The decibel (dB) is a dimensionless unit used to express the logarithm of
the ratio of a measured sound quantity to a reference quantity. In acoustics, the decibel is used to describe the level of quantities that are
proportional to sound power. In
mathematical terms, the decibel is expressed as:
L = 10 log_{10} (W_{1}/W_{2})
L = the level in dB
10 = a multiplier
W_{1} and W_{2} = quantities proportional to sound power
Combining Decibels
Decibels are logarithmic values and so it is not proper to add them by normal algebraic addition. For example, 70 dB plus 70 dB does
not equal 140 dB, but only 73 dB. When adding sound pressure levels or sound power levels, the following equation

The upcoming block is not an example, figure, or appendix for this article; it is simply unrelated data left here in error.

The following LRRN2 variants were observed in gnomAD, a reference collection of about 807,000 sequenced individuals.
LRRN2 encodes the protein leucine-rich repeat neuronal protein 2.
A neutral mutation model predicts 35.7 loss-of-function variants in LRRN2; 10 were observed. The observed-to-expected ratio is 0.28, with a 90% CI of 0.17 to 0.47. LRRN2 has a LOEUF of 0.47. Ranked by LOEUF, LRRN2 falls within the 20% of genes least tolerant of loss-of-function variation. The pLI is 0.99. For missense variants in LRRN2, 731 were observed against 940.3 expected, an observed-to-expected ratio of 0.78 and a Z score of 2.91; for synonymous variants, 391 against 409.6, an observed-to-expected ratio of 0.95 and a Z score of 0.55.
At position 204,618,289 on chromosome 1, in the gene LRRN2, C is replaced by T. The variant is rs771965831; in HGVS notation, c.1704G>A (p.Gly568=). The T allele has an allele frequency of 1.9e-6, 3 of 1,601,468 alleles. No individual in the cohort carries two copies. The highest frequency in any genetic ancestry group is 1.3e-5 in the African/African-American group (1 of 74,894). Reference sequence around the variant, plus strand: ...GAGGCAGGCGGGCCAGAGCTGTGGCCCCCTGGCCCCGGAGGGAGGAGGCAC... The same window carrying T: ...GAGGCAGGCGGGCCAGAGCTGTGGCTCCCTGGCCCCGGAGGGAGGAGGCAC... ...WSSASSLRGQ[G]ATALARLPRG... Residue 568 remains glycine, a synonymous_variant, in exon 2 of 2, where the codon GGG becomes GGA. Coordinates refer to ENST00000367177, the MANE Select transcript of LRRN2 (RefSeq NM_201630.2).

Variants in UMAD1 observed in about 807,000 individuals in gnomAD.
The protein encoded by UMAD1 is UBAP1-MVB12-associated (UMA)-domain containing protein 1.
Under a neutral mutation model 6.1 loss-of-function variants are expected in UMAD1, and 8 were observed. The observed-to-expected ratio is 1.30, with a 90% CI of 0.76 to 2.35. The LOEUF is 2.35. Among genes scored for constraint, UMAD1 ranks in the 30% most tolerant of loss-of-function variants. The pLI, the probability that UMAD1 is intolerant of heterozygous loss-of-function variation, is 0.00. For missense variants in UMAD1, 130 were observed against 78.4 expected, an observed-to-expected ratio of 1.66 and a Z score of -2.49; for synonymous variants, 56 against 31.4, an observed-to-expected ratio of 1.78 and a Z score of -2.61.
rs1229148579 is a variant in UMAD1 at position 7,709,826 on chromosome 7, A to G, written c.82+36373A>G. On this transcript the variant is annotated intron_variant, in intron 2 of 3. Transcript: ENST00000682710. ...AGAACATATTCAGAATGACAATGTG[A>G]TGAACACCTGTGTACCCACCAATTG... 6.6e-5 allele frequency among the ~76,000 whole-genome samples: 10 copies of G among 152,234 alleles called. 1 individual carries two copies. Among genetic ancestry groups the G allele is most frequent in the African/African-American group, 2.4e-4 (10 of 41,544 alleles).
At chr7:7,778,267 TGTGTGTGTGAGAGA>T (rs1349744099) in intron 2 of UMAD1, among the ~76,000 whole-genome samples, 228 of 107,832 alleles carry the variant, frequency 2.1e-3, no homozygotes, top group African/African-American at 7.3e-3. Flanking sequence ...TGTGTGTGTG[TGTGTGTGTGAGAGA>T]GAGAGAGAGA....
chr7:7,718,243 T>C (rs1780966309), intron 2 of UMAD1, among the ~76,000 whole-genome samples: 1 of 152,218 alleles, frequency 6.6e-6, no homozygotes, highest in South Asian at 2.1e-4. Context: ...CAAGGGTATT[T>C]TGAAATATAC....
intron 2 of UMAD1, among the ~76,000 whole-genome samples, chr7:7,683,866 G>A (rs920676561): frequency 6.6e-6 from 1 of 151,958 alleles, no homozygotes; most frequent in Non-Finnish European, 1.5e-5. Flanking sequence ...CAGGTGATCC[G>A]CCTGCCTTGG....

should be used:
L_{(total)} = 10 log_{10} (S 10^{Li/10})
where L can be sound power level or sound pressure level.
Example: The total sound pressure level of three sources with sound pressure levels of 85, 83, and 88 dB is
calculated as follows:
L_{(total)} = 10 log_{10} (10^{85/10} + 10^{83/10} + 10^{88/10}) = 90.6 dB
A simplified method that can be used for combining decibels utilizes the following table:
Difference in dB Values 
Add to Higher Level 
01 dB 
3 dB 
23 dB 
2 dB 
49 dB 
1 dB 
10 dB or more 
0 dB 
Example: 70 dB + 73 dB = 75 dB (the difference between the values is 3 dB, so add 2 dB to the higher value, so
73 + 2 = 75 dB).
More than two levels
can be combined using the above method by taking the combinations in pairs (any order will work).
Example: Four noise sources with sound pressure levels of 88, 86, 80 and 85 dB would be combined as shown in the
flow chart.